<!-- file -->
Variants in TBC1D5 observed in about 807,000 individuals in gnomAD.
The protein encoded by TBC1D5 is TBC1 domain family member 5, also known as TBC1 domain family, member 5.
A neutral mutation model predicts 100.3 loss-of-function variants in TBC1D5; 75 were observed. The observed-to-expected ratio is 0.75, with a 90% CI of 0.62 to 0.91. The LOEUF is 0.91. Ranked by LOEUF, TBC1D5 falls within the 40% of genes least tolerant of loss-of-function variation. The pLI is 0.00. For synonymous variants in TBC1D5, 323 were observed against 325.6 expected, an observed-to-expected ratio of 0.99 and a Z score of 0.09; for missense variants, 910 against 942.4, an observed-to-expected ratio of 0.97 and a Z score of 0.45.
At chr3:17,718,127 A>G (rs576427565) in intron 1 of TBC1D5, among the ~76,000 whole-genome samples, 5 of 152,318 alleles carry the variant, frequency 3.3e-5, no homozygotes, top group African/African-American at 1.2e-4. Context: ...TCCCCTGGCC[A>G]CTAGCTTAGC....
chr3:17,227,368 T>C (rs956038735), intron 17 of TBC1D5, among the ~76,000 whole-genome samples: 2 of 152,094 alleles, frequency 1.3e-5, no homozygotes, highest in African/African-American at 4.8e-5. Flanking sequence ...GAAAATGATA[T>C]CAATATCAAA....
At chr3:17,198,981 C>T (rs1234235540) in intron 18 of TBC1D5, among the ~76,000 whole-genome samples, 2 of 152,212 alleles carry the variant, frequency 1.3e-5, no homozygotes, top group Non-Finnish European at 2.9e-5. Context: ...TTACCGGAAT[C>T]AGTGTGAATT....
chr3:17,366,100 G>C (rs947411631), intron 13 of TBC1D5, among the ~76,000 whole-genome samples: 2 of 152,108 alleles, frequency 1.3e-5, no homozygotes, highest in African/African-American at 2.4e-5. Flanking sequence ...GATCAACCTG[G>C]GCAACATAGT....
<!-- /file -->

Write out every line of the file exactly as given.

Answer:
Variants in TBC1D5 observed in about 807,000 individuals in gnomAD.
The protein encoded by TBC1D5 is TBC1 domain family member 5, also known as TBC1 domain family, member 5.
A neutral mutation model predicts 100.3 loss-of-function variants in TBC1D5; 75 were observed. The observed-to-expected ratio is 0.75, with a 90% CI of 0.62 to 0.91. The LOEUF is 0.91. Ranked by LOEUF, TBC1D5 falls within the 40% of genes least tolerant of loss-of-function variation. The pLI is 0.00. For synonymous variants in TBC1D5, 323 were observed against 325.6 expected, an observed-to-expected ratio of 0.99 and a Z score of 0.09; for missense variants, 910 against 942.4, an observed-to-expected ratio of 0.97 and a Z score of 0.45.
At chr3:17,718,127 A>G (rs576427565) in intron 1 of TBC1D5, among the ~76,000 whole-genome samples, 5 of 152,318 alleles carry the variant, frequency 3.3e-5, no homozygotes, top group African/African-American at 1.2e-4. Context: ...TCCCCTGGCC[A>G]CTAGCTTAGC....
chr3:17,227,368 T>C (rs956038735), intron 17 of TBC1D5, among the ~76,000 whole-genome samples: 2 of 152,094 alleles, frequency 1.3e-5, no homozygotes, highest in African/African-American at 4.8e-5. Flanking sequence ...GAAAATGATA[T>C]CAATATCAAA....
At chr3:17,198,981 C>T (rs1234235540) in intron 18 of TBC1D5, among the ~76,000 whole-genome samples, 2 of 152,212 alleles carry the variant, frequency 1.3e-5, no homozygotes, top group Non-Finnish European at 2.9e-5. Context: ...TTACCGGAAT[C>T]AGTGTGAATT....
chr3:17,366,100 G>C (rs947411631), intron 13 of TBC1D5, among the ~76,000 whole-genome samples: 2 of 152,108 alleles, frequency 1.3e-5, no homozygotes, highest in African/African-American at 2.4e-5. Flanking sequence ...GATCAACCTG[G>C]GCAACATAGT....